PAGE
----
Healthwatch asked the Board to consider what it thought was good about health and social care services for older people, what could be improved and what it thought was missing; people’s views were valuable in shaping work programmes and influencing priorities and recommendations.
Although it was too early to identify trend as the numbers were still quite small, records kept for monitoring purposes showed that people generally contacted Healthwatch face-to-face, by telephone, by email and by Facebook and where people had requested information about services or signposting, the majority were from people seeking information on behalf of someone they cared for.
The entire Healthwatch network was still developing and a current idea locally was to have an anonymised section of the website for people to make comments to help shape services. It would be ... view the full minutes text for item 25.
CAB Internal Restructuring & Welfare Changes in Health and Social Care
Rhiannon Stocking-Williams, Chief Executive, Citizens Advice Bureau (CAB), Bracknell Forest, and Madeline Diver, Social Policy Adviser, CAB were present at the meeting to discuss the internal restructuring at the CAB in Bracknell and how it was supporting people with welfare changes in Health and Social Care.
There were gaps in need for older people. CAB gave advice on subjects such as debts, housing, employment, and relationships. Some specialist services had been bought in to provide immigration and housing advice. People’s issues were often complex.
Like all services, the CAB was doing its best in the face of funding cuts. The CAB was working with neighbouring CABs to hire a contractor to explore how, together, they could work more effectively and cost efficiently by sharing back-office functions for example,. Savings targets had not been identified as yet, it was primarily about making better use of current resources and extending capacity to front-line services as there were about 25-30 people a week unable to access advice sessions, and CAB Bracknell needed resource to process the 120-130 telephone that were not being answered first time, during September to December 2013, there were some 4,000 telephone callers to the CAB with some people trying between 1 and 10 times before getting through.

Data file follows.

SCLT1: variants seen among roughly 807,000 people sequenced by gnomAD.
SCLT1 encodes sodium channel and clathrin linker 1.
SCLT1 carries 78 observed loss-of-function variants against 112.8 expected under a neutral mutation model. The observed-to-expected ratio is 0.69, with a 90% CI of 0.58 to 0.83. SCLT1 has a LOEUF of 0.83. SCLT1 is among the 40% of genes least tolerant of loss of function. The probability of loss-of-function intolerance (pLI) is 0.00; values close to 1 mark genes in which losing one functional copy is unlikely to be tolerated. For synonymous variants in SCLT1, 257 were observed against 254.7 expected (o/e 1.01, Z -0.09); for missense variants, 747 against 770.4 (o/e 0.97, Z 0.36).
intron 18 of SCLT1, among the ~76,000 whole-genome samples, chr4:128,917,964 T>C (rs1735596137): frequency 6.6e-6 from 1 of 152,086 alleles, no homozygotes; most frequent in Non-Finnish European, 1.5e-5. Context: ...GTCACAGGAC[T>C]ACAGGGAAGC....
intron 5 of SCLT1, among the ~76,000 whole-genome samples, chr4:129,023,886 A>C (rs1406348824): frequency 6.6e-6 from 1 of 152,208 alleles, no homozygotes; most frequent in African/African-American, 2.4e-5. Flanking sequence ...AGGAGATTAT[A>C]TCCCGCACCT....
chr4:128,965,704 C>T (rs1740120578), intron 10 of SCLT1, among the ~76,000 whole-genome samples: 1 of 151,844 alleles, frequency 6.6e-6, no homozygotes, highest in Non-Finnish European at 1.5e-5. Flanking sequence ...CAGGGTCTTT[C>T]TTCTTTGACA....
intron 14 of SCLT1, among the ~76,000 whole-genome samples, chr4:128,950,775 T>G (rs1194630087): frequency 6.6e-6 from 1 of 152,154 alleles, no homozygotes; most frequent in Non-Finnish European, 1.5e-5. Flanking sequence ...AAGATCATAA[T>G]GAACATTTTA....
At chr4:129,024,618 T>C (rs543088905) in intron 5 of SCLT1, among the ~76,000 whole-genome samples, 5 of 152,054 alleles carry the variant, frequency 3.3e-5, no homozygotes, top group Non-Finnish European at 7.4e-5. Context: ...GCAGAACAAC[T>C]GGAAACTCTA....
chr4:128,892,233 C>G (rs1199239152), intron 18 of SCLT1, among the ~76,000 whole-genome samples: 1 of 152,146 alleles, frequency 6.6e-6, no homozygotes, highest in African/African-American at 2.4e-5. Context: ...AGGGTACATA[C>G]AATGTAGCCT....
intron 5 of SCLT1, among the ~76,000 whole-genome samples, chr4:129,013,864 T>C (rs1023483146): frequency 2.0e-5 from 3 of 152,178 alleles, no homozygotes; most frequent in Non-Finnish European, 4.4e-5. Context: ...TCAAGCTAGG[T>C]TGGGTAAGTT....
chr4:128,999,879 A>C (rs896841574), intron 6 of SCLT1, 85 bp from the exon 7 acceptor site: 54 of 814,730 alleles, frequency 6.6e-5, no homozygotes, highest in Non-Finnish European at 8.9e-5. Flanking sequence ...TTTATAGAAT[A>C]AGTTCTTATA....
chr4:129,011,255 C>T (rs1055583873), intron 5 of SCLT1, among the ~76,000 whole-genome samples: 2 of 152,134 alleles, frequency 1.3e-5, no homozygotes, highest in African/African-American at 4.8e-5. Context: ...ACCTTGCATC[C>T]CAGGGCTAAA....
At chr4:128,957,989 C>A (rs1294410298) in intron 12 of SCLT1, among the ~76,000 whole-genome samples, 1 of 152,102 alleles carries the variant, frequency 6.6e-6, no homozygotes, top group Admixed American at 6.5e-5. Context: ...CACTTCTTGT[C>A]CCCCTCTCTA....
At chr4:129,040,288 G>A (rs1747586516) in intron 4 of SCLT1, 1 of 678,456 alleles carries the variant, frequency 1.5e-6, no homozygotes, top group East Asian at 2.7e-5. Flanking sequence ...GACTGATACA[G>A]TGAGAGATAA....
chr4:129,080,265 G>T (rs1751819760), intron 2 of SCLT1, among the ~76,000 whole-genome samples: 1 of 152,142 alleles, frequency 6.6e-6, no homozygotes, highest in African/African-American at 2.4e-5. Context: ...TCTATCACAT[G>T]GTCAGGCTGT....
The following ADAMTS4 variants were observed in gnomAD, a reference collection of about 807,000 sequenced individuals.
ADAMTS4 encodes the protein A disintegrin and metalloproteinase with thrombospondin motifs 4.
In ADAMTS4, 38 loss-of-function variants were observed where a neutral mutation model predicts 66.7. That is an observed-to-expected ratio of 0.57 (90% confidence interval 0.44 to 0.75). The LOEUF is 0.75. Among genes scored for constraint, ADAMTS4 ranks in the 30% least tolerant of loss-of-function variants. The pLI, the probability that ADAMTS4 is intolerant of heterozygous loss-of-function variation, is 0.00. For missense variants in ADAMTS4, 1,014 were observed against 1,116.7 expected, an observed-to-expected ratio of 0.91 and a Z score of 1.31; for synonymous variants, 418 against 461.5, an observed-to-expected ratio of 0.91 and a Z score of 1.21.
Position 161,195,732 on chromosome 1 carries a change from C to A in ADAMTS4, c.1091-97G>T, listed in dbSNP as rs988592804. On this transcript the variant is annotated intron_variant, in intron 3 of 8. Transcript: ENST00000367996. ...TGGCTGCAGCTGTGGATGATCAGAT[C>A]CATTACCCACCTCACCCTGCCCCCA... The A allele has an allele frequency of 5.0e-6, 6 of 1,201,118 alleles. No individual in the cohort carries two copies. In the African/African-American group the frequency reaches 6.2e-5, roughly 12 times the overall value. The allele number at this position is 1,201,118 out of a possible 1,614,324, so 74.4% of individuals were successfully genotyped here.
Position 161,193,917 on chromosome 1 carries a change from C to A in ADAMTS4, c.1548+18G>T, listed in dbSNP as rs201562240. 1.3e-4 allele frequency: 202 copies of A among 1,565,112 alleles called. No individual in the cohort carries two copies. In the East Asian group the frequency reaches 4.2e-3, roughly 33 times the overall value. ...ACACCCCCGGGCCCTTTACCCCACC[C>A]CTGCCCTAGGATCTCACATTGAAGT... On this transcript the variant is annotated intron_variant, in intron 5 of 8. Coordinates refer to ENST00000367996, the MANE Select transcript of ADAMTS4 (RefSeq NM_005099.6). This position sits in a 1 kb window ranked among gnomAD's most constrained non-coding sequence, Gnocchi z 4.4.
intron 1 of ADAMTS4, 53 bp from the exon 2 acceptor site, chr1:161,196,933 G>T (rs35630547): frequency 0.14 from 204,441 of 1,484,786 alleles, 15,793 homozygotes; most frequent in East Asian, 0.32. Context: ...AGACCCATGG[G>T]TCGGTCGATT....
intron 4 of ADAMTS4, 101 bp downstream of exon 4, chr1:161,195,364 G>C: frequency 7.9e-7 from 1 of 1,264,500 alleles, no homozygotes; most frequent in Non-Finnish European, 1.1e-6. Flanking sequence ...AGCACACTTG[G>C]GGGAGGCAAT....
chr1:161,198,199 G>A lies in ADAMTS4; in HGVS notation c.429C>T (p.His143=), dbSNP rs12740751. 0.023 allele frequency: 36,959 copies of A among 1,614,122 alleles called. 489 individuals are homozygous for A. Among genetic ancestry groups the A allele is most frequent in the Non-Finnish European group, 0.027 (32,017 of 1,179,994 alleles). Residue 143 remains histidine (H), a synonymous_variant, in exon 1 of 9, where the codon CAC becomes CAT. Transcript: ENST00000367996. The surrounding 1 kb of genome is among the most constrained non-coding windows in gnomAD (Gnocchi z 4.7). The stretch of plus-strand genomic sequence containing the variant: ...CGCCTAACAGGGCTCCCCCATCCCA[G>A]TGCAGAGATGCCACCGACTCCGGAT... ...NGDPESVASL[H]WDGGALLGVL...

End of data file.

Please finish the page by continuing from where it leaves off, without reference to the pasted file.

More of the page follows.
It was suggested that the CAB might limit the range of services it offered and focus on specific areas, then build up services over time. There was a triage system in place to identify the greatest need. People met with CAB advisers by appointment only now in Bracknell and drop-ins were no longer used. There was an adviser net and advisers were careful to go up to limits of what they could do. Targeting people was more difficult until an initial interview had been undertaken. In an attempt to manage capacity, the CAB urged members to promote the advice guide on CABs public website which people could be directed to in the first instance http://www.adviceguide.org.uk/england/about_this_site.htm#h_adviceguide .